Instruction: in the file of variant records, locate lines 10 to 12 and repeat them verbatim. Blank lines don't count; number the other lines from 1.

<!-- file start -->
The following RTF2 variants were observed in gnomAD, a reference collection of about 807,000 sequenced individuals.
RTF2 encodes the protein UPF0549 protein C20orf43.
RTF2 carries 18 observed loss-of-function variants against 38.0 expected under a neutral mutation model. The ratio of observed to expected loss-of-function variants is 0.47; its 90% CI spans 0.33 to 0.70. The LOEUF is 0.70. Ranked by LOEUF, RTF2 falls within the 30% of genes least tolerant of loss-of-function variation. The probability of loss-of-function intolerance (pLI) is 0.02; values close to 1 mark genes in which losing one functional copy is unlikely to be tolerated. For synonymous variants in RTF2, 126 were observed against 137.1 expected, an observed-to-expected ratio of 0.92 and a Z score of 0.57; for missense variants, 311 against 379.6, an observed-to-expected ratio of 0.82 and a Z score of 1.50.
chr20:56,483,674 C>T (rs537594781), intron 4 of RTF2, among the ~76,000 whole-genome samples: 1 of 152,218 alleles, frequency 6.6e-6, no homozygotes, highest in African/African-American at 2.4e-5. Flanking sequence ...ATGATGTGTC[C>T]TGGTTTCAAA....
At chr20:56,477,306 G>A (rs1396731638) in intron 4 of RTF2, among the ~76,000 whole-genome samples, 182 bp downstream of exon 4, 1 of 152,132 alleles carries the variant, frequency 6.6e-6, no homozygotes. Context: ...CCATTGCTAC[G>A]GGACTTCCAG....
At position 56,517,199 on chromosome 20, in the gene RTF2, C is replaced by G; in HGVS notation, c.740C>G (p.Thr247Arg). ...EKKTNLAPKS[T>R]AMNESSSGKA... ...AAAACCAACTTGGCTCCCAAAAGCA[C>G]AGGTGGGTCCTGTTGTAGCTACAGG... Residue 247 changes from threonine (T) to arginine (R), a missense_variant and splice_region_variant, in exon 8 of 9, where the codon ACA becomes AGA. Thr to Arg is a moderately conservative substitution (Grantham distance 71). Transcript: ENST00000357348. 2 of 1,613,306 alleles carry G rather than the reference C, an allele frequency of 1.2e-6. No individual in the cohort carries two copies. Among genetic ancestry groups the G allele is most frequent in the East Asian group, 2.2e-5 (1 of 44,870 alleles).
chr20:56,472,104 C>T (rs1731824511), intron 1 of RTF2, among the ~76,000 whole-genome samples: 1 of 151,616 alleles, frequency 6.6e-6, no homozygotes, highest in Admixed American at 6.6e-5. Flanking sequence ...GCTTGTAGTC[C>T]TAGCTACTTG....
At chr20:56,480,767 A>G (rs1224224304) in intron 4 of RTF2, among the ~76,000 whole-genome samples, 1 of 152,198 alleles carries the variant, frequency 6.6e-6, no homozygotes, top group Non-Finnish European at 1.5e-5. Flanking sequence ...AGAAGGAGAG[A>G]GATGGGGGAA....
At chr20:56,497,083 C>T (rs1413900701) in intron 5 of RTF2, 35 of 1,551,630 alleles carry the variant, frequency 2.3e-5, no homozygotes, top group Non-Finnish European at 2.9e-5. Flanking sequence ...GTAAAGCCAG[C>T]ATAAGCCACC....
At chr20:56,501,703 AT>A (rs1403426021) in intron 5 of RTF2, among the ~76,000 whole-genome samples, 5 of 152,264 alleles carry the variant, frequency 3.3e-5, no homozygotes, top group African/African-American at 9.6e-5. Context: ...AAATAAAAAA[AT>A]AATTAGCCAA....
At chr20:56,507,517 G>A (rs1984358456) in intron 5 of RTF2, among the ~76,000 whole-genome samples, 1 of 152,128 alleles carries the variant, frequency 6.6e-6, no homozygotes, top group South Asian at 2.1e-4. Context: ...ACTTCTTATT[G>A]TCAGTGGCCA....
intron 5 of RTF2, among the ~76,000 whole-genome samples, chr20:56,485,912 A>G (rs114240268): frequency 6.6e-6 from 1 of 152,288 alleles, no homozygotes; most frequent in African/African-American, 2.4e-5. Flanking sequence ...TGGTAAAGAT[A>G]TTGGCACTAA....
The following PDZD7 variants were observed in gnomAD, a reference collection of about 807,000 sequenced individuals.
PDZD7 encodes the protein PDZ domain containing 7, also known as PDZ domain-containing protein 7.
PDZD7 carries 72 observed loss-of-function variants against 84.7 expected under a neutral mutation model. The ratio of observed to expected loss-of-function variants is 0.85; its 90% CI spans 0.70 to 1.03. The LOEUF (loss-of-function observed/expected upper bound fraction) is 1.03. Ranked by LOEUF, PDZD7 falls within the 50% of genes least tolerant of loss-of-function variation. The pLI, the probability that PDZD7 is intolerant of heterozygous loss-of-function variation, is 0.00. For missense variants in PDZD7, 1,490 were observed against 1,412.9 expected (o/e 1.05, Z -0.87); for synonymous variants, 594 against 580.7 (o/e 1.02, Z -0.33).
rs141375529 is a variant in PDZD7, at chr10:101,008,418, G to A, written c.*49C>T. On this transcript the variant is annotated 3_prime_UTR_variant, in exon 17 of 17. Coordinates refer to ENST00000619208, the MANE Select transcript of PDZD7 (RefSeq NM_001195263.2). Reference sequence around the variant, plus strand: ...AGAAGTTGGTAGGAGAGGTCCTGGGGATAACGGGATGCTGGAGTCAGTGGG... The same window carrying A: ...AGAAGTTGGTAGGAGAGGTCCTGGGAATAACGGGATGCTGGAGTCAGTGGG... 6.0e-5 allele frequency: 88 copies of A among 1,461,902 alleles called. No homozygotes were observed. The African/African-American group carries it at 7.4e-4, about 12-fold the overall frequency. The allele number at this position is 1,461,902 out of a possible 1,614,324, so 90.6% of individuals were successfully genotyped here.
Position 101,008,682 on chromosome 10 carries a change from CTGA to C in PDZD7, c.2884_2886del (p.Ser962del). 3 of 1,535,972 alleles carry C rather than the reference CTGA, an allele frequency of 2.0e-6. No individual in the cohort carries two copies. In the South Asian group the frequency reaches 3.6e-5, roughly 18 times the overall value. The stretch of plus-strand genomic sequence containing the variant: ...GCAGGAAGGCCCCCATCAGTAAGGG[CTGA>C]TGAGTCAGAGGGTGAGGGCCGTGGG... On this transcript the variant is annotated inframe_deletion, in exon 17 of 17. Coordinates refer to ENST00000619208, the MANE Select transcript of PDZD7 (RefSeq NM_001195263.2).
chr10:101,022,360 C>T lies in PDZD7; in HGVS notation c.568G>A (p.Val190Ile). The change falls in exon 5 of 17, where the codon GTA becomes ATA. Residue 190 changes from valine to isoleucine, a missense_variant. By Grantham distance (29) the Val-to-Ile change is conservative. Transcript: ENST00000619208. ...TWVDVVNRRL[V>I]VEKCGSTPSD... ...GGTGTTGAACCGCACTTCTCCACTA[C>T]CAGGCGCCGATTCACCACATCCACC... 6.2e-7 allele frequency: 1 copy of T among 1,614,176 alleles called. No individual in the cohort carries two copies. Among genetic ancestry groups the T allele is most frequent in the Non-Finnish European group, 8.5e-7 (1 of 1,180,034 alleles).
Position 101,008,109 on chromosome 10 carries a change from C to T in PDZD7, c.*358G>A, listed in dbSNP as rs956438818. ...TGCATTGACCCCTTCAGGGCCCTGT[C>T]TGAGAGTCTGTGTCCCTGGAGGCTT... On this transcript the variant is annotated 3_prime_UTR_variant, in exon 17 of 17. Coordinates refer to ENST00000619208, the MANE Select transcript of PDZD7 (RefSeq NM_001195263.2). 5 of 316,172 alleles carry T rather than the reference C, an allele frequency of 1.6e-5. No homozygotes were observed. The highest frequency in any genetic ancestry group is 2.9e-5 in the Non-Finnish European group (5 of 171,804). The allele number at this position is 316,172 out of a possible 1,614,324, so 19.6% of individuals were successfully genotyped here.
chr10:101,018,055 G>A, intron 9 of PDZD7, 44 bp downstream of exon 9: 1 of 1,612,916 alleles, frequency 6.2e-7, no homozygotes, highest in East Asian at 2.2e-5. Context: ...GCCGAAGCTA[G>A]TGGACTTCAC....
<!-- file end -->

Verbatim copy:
At chr20:56,501,703 AT>A (rs1403426021) in intron 5 of RTF2, among the ~76,000 whole-genome samples, 5 of 152,264 alleles carry the variant, frequency 3.3e-5, no homozygotes, top group African/African-American at 9.6e-5. Context: ...AAATAAAAAA[AT>A]AATTAGCCAA....
At chr20:56,507,517 G>A (rs1984358456) in intron 5 of RTF2, among the ~76,000 whole-genome samples, 1 of 152,128 alleles carries the variant, frequency 6.6e-6, no homozygotes, top group South Asian at 2.1e-4. Context: ...ACTTCTTATT[G>A]TCAGTGGCCA....
intron 5 of RTF2, among the ~76,000 whole-genome samples, chr20:56,485,912 A>G (rs114240268): frequency 6.6e-6 from 1 of 152,288 alleles, no homozygotes; most frequent in African/African-American, 2.4e-5. Flanking sequence ...TGGTAAAGAT[A>G]TTGGCACTAA....